US authorities have charged a man, described by the FBI as an “Islamic State” (IS) sympathizer, with plotting to set off a nail-filled backpack bomb. Harlem Suarez allegedly praised the jihadi group on Facebook.
The 23-year-old Floridian was first brought to the attention of American authorities after a Facebook user contacted police, claiming that Suarez had tried to recruit them to support IS.
The FBI said Suarez listed his Facebook “likes” as “Jihadist,” “Extraordinary Prayer for ISIS,” and “Prayers for ISIS: Weapons of our Warfare.”
In April, Suarez allegedly posted, “be a warrior, learn how to cut your enemies head and then burn down the body learn how to be the new future of the world Caliphate” – a reference to IS’ aim to build a regional fundamentalist entity.
He later added a request “from any brother. How to make a bomb send me a video or something, what do I need to make it.”
Suarez allegedly later paid a cooperator to construct a telephone-controlled bomb which he intended to bury on Floridas Key West beach and detonate.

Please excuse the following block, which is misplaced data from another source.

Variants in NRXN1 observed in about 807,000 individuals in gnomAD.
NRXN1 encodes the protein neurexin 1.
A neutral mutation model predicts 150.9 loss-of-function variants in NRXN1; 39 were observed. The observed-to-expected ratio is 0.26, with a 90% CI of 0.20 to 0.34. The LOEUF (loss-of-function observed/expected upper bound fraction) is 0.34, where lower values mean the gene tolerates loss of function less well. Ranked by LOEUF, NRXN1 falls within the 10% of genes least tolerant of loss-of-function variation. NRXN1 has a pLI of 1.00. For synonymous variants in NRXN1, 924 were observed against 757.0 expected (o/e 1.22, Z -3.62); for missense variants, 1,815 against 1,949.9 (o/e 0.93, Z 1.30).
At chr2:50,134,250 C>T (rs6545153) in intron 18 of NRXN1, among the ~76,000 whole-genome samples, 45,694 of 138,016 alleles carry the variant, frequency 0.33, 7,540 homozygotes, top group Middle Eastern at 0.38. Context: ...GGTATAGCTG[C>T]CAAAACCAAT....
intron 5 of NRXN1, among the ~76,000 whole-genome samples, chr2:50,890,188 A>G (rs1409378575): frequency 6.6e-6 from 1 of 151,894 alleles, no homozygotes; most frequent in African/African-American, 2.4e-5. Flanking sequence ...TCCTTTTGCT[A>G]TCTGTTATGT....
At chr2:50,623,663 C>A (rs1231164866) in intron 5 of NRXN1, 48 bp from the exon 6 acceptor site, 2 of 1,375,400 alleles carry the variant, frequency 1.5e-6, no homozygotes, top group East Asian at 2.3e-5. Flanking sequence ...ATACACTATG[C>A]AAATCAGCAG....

“I can go to the beach at the night time, put the thing in the sand, cover it up, so the next day I just call and the thing is gonna, is gonna make, a real hard noise from nowhere,” Suarez allegedly told an FBI source in a recorded call.
The terror suspect was arrested Monday after taking possession of an inert explosive device provided by an FBI informant.
During his first court appearance on Tuesday, Suarez’ temporary attorney, Richard Della Fera, said in an email that he “may be a troubled and confused young man, but he is certainly not a terrorist.”
Allegations ‘taken seriously’
The FBI said Suarez also unsuccessfully attempted to order an AK-47 assault rifle on the Internet and sought to make an IS recruitment video which. According to the complaint, the footage was eventually recorded under FBI surveillance at a motel.
“American soil is the past, we will destroy America and divide it in two, we will rais(e) our black flag on top of your white house and any president on duty (cut head),” Suarez said in a script he wrote himself for the video.
According the FBI complaint, however, there was no evidence that Suarez ever actually made an explosive, nor that he had contact with any IS militants overseas. Miami’s FBI special agent in charge, George Piro, said the allegations had to be taken seriously nonetheless.